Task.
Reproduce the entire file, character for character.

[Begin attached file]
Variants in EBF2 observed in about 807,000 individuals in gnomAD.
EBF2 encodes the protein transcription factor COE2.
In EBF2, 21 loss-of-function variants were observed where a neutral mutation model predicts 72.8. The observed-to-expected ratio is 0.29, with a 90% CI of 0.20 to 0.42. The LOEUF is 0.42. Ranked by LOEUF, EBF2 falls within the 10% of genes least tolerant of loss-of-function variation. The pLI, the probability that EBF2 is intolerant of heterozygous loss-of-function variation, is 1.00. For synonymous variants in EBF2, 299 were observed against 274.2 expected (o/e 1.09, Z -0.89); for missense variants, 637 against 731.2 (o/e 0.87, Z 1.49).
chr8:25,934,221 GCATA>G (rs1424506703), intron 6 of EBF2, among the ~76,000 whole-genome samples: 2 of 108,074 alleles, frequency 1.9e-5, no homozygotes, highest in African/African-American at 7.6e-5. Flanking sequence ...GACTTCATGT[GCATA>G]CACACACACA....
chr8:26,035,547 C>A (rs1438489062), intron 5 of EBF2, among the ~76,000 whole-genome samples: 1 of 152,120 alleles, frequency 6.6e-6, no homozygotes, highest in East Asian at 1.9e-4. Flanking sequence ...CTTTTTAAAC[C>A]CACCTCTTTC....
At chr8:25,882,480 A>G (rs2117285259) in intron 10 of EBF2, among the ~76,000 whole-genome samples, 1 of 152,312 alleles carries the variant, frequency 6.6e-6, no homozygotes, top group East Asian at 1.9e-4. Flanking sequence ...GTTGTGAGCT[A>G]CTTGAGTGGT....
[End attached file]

Variants in EBF2 observed in about 807,000 individuals in gnomAD.
EBF2 encodes the protein transcription factor COE2.
In EBF2, 21 loss-of-function variants were observed where a neutral mutation model predicts 72.8. The observed-to-expected ratio is 0.29, with a 90% CI of 0.20 to 0.42. The LOEUF is 0.42. Ranked by LOEUF, EBF2 falls within the 10% of genes least tolerant of loss-of-function variation. The pLI, the probability that EBF2 is intolerant of heterozygous loss-of-function variation, is 1.00. For synonymous variants in EBF2, 299 were observed against 274.2 expected (o/e 1.09, Z -0.89); for missense variants, 637 against 731.2 (o/e 0.87, Z 1.49).
chr8:25,934,221 GCATA>G (rs1424506703), intron 6 of EBF2, among the ~76,000 whole-genome samples: 2 of 108,074 alleles, frequency 1.9e-5, no homozygotes, highest in African/African-American at 7.6e-5. Flanking sequence ...GACTTCATGT[GCATA>G]CACACACACA....
chr8:26,035,547 C>A (rs1438489062), intron 5 of EBF2, among the ~76,000 whole-genome samples: 1 of 152,120 alleles, frequency 6.6e-6, no homozygotes, highest in East Asian at 1.9e-4. Flanking sequence ...CTTTTTAAAC[C>A]CACCTCTTTC....
At chr8:25,882,480 A>G (rs2117285259) in intron 10 of EBF2, among the ~76,000 whole-genome samples, 1 of 152,312 alleles carries the variant, frequency 6.6e-6, no homozygotes, top group East Asian at 1.9e-4. Flanking sequence ...GTTGTGAGCT[A>G]CTTGAGTGGT....